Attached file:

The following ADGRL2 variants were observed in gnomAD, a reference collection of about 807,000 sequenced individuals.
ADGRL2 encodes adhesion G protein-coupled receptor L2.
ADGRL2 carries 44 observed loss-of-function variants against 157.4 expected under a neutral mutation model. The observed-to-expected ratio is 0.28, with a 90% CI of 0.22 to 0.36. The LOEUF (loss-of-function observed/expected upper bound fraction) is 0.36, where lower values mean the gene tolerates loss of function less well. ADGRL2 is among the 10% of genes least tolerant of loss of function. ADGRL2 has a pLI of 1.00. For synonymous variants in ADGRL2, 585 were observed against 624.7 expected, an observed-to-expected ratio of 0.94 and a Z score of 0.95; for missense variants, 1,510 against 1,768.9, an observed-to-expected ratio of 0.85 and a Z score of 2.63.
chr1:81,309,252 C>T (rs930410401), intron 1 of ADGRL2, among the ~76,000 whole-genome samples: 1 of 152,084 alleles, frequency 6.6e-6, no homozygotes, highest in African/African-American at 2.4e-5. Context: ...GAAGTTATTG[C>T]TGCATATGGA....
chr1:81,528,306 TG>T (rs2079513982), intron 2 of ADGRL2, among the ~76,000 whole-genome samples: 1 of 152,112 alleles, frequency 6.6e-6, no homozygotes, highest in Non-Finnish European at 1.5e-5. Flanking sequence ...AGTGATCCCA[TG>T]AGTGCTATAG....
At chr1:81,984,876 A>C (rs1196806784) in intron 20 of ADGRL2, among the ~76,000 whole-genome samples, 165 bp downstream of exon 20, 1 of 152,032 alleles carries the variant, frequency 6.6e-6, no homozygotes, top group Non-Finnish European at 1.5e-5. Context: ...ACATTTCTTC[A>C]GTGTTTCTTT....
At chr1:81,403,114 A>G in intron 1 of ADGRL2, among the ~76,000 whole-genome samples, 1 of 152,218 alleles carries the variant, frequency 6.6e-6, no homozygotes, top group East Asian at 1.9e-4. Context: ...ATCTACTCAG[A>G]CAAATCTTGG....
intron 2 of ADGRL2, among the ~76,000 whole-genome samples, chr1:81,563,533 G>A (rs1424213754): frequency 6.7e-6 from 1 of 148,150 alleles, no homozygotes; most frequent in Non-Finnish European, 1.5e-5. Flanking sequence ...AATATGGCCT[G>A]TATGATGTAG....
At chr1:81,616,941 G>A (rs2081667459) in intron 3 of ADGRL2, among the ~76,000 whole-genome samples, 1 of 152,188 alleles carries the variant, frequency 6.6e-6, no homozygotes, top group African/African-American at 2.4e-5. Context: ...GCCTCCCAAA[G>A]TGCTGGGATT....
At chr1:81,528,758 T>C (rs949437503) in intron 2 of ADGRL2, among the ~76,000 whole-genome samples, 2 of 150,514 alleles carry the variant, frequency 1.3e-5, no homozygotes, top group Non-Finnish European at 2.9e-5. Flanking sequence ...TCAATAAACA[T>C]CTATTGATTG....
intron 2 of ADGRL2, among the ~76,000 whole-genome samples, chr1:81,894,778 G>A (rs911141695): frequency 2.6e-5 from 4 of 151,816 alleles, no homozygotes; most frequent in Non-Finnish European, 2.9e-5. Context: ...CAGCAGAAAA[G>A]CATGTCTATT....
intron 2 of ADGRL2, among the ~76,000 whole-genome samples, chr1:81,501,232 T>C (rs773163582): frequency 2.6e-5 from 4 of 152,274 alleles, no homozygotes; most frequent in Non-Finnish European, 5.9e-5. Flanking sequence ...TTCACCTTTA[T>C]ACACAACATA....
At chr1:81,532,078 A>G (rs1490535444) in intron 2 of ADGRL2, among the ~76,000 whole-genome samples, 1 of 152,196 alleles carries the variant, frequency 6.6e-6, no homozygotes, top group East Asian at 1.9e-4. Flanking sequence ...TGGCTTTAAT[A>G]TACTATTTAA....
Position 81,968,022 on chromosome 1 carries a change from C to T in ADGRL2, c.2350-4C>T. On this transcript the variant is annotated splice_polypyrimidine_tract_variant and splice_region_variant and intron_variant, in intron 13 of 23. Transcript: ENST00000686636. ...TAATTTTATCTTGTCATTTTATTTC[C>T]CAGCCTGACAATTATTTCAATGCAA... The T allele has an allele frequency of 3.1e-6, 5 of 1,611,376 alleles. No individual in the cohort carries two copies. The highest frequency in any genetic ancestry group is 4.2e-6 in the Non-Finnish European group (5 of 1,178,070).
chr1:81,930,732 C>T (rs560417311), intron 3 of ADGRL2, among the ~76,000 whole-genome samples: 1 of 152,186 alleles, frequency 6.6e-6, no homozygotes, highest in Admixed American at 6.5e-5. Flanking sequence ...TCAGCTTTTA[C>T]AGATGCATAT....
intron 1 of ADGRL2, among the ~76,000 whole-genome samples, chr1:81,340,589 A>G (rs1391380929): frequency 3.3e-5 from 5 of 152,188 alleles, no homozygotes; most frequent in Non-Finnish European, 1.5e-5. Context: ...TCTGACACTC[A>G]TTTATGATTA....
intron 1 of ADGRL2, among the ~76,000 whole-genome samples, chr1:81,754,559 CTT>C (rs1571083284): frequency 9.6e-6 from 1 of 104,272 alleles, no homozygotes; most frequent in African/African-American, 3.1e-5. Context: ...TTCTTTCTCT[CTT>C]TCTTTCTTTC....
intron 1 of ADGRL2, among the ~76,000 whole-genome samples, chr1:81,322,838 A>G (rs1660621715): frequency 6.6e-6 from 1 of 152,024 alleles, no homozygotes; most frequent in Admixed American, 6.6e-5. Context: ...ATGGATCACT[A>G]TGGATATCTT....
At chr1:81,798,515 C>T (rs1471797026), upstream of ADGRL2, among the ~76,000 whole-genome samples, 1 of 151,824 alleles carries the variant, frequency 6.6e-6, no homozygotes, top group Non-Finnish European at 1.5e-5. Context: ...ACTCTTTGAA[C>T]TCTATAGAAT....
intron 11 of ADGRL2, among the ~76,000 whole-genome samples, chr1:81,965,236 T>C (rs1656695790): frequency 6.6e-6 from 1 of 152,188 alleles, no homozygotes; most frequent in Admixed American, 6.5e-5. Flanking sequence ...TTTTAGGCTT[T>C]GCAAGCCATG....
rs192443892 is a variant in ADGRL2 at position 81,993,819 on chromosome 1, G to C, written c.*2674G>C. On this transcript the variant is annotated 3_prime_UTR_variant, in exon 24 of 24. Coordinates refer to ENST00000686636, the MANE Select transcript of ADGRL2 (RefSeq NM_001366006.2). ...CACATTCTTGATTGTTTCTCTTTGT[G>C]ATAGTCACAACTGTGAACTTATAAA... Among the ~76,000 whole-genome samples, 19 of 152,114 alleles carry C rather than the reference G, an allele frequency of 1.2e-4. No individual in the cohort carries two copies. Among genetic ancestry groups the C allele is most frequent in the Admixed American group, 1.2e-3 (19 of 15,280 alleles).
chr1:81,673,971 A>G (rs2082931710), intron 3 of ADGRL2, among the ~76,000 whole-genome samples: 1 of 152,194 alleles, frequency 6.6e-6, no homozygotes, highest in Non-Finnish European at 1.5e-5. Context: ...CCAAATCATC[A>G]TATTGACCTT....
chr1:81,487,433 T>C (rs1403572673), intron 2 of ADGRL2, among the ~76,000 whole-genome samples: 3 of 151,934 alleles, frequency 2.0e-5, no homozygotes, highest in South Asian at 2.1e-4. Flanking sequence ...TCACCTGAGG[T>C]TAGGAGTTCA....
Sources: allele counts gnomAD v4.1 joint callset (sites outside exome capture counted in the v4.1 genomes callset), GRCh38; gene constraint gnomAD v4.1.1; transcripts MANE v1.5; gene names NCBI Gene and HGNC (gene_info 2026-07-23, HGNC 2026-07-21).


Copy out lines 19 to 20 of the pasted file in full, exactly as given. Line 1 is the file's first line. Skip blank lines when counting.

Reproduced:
At chr1:81,798,515 C>T (rs1471797026), upstream of ADGRL2, among the ~76,000 whole-genome samples, 1 of 151,824 alleles carries the variant, frequency 6.6e-6, no homozygotes, top group Non-Finnish European at 1.5e-5. Context: ...ACTCTTTGAA[C>T]TCTATAGAAT....
intron 11 of ADGRL2, among the ~76,000 whole-genome samples, chr1:81,965,236 T>C (rs1656695790): frequency 6.6e-6 from 1 of 152,188 alleles, no homozygotes; most frequent in Admixed American, 6.5e-5. Flanking sequence ...TTTTAGGCTT[T>C]GCAAGCCATG....